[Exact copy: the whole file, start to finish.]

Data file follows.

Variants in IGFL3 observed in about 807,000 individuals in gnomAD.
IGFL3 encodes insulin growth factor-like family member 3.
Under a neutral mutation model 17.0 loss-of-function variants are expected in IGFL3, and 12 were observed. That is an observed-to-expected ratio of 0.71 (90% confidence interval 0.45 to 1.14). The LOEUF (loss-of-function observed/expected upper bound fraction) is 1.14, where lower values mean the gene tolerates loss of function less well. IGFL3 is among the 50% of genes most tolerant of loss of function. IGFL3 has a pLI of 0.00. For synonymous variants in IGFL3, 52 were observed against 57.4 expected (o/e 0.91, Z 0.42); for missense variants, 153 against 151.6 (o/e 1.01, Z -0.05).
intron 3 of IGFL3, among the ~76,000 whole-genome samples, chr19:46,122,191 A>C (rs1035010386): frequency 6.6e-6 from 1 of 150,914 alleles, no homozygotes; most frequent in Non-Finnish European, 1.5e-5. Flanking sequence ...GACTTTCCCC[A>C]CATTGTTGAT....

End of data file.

Variants in IGFL3 observed in about 807,000 individuals in gnomAD.
IGFL3 encodes insulin growth factor-like family member 3.
Under a neutral mutation model 17.0 loss-of-function variants are expected in IGFL3, and 12 were observed. That is an observed-to-expected ratio of 0.71 (90% confidence interval 0.45 to 1.14). The LOEUF (loss-of-function observed/expected upper bound fraction) is 1.14, where lower values mean the gene tolerates loss of function less well. IGFL3 is among the 50% of genes most tolerant of loss of function. IGFL3 has a pLI of 0.00. For synonymous variants in IGFL3, 52 were observed against 57.4 expected (o/e 0.91, Z 0.42); for missense variants, 153 against 151.6 (o/e 1.01, Z -0.05).
intron 3 of IGFL3, among the ~76,000 whole-genome samples, chr19:46,122,191 A>C (rs1035010386): frequency 6.6e-6 from 1 of 150,914 alleles, no homozygotes; most frequent in Non-Finnish European, 1.5e-5. Flanking sequence ...GACTTTCCCC[A>C]CATTGTTGAT....